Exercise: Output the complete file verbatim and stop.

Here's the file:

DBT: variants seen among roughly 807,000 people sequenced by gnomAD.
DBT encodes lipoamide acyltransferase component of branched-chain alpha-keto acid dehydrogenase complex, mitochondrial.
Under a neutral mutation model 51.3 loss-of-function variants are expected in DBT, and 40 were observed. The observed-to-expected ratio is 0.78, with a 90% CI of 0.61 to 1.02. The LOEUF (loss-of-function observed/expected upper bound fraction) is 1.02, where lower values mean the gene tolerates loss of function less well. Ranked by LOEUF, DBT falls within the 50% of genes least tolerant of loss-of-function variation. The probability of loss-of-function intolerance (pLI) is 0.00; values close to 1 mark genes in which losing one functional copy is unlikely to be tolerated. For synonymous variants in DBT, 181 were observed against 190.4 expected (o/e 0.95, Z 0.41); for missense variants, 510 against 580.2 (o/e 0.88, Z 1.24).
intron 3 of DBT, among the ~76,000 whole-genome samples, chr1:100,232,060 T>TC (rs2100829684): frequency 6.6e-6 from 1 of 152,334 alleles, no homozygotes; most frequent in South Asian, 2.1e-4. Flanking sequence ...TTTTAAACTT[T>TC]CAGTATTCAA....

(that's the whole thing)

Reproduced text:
DBT: variants seen among roughly 807,000 people sequenced by gnomAD.
DBT encodes lipoamide acyltransferase component of branched-chain alpha-keto acid dehydrogenase complex, mitochondrial.
Under a neutral mutation model 51.3 loss-of-function variants are expected in DBT, and 40 were observed. The observed-to-expected ratio is 0.78, with a 90% CI of 0.61 to 1.02. The LOEUF (loss-of-function observed/expected upper bound fraction) is 1.02, where lower values mean the gene tolerates loss of function less well. Ranked by LOEUF, DBT falls within the 50% of genes least tolerant of loss-of-function variation. The probability of loss-of-function intolerance (pLI) is 0.00; values close to 1 mark genes in which losing one functional copy is unlikely to be tolerated. For synonymous variants in DBT, 181 were observed against 190.4 expected (o/e 0.95, Z 0.41); for missense variants, 510 against 580.2 (o/e 0.88, Z 1.24).
intron 3 of DBT, among the ~76,000 whole-genome samples, chr1:100,232,060 T>TC (rs2100829684): frequency 6.6e-6 from 1 of 152,334 alleles, no homozygotes; most frequent in South Asian, 2.1e-4. Flanking sequence ...TTTTAAACTT[T>TC]CAGTATTCAA....